SRS capitalises on Indian trade mission opportunities
A major housing project in Tripoli, the Libyan capital, will feature concrete blocks made by machinery from SRS in Ballygawley, Co Tyrone.
SRS secured the business, its first in Libya and expected to be worth around £200,000, from its participation on Invest Northern Ireland trade missions to India.
The India hosted missions led SRS to link up with a marketing operation in New Delhi which then introduced the Northern Ireland company to a major Indian construction company involved in the Libyan government-backed building project in Tripoli.
Dr Vicky Kell, Invest NI Trade Director, welcoming the company’s latest success in international markets, said: “This is an important breakthrough for SRS in a substantial marketplace in North Africa, one with significant oil revenues and which is currently investing extensively in infrastructure projects such as social housing.
“The contract is also an excellent example of how our companies can ‘piggyback’ on India’s emergence as a global economy driven increasingly by companies focused on international business.
“A key element of our trade development strategy in India has been to assist our companies to develop business relationships with major corporations there which are engaged in international trade.
“We developed this approach because some of the world’s most successful companies are now headquartered in India and are well positioned in key markets such as the US, Europe, the Middle East and Africa. It makes good business sense for our companies to seek to become part of the supply chain of much larger enterprises in India,” added Dr Kell.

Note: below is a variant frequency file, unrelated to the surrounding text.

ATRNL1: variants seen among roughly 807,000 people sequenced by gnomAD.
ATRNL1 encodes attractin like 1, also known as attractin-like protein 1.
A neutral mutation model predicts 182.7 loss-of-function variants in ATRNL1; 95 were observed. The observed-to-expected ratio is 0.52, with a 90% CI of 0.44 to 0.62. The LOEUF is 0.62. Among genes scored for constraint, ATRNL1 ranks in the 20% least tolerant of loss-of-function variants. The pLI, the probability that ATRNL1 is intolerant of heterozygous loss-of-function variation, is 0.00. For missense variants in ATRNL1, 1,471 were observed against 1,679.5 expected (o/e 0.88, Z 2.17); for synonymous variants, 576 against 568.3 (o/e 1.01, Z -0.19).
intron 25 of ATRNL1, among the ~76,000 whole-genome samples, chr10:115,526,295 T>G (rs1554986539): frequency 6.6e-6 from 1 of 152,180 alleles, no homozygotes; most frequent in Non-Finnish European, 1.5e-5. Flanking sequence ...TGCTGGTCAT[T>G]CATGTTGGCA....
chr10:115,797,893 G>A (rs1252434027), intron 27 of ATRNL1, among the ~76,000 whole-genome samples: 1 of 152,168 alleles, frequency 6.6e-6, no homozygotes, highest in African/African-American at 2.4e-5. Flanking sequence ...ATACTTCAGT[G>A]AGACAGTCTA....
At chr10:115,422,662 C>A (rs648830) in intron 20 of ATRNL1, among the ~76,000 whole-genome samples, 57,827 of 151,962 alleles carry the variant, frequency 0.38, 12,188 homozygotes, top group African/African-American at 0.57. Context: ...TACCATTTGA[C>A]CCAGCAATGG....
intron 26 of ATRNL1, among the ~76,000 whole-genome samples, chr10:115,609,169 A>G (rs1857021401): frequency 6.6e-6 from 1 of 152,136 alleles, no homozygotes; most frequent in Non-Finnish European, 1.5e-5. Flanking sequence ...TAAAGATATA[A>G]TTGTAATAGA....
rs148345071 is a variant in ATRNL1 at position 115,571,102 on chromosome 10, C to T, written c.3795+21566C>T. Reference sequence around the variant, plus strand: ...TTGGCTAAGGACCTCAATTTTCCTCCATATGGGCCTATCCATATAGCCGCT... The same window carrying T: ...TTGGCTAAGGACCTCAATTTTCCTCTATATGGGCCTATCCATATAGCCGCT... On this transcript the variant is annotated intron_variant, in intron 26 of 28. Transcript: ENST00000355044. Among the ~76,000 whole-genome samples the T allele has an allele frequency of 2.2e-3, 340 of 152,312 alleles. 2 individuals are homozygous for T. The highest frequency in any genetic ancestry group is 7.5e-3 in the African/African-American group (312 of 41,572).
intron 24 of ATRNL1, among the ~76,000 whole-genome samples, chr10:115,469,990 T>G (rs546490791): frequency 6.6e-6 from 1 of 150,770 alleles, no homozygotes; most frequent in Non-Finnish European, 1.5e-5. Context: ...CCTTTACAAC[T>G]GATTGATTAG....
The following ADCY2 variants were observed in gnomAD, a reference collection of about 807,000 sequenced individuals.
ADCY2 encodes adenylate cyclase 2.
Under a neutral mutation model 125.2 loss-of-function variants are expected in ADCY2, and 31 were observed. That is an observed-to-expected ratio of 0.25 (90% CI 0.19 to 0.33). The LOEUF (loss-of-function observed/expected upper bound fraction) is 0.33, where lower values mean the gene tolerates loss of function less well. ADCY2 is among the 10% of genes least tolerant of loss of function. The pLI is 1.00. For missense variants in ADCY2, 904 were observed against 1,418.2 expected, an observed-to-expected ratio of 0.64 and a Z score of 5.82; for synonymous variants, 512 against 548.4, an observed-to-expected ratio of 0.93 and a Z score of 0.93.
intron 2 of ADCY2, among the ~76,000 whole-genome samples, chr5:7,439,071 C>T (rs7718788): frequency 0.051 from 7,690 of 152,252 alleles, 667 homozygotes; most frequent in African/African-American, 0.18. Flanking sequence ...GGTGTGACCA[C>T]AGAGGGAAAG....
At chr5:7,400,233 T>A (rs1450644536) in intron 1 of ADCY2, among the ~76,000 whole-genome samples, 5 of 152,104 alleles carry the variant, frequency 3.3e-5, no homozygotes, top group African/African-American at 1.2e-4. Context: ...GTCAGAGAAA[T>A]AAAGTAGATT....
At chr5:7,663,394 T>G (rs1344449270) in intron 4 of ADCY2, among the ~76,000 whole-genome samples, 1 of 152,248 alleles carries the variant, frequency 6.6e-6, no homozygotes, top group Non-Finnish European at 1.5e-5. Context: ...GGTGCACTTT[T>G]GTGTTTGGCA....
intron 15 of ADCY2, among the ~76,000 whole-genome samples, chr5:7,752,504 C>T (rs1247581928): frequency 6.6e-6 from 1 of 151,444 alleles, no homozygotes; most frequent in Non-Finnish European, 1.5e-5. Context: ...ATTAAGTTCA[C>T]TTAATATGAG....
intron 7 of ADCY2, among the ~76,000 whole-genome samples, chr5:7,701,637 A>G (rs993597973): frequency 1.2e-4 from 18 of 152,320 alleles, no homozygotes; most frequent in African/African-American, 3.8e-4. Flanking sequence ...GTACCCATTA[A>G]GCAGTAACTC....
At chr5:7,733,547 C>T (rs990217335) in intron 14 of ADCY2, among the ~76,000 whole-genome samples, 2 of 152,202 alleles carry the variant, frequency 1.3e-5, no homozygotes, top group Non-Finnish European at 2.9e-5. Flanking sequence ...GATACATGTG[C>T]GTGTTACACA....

Julian Fegan, SRS Sales and Business Development Director, said: “Invest NI missions to India and other global markets have enabled us to expand our business through the many important contacts we’ve been able to make.
“It was following one of the Indian missions that I decided to tie up with an experienced operation there that would give us an ongoing presence in this huge marketplace.
“They introduced us to the construction company with the Libyan contract and this led to the deal to supply our block making machinery, a relationship which could lead to further business in Libya and other international markets.
“India, of course, is a massive marketplace in its own right but linking up with Indian construction and machinery companies expands the opportunities for our equipment,” Mr Fegan added.